“I’m completely against all of it,” she said during the argument to the applause of the crowd.
The vote initiates a many-month process by which governmental and public agencies, followed by private or non-profit organizations, can submit official proposals for the property.
The board will send out notices to select Tier 1 groups, including the Tuolumne County Housing Division, the Housing Authority of the County of Stanislaus, the Tuolumne County Economic Development Authority, the Tuolumne County Transportation Council, Tuolumne County Parks and Recreation, the California Natural Resources Agency and Department of Parks and Recreation and the City of Sonora Public Works Department, notifying them of the availability of the property for sale. Any of the groups can make non-binding proposal bids to buy or lease the property at any price.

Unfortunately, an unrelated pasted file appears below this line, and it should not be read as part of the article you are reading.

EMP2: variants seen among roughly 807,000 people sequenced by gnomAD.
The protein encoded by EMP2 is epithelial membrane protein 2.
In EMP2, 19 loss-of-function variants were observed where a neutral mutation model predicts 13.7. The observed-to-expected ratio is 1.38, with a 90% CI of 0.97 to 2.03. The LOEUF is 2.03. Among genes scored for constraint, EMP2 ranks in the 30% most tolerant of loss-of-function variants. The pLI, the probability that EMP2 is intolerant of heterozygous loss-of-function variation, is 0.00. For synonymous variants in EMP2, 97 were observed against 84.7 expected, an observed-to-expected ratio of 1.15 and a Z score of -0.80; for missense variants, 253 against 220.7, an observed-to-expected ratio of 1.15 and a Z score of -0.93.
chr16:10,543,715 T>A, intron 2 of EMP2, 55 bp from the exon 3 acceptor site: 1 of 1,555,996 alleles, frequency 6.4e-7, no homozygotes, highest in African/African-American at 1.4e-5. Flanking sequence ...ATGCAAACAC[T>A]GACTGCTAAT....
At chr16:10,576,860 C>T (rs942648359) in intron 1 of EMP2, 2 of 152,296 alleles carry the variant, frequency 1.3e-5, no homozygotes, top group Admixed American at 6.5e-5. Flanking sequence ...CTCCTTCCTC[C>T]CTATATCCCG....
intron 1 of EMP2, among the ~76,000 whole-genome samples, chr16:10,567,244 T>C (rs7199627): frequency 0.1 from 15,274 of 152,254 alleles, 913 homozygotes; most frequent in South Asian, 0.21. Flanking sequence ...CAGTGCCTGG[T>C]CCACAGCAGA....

Tier 1 organizations are selected based on specific passages in California Education Code, which governs the requirements for selling public properties and giving certain agencies the first opportunity to submit proposals.
Sixty days after the Tier 1 notices are sent, Tier 2 notices will be sent to the California Department of General Services, the Regents of the University of California, the Trustees of the California State University, Tuolumne County, the City of Sonora, and all the other school districts in the county.
Sixty days following the Tier 2 notices, non-profit organizations, public and private groups, and all other organizations would be allowed to make bids on the property.
An appraisal valued the entire property at $820,000.
Members of the most high-profile non-profit group to express interest on the property, The Park Foundation, attended the meeting.
The group previously proposed a land swap of the 137-acre Wildcat Ranch for a 22-acre property adjacent to the high school plus cash, but the proposal was denied by the board last week.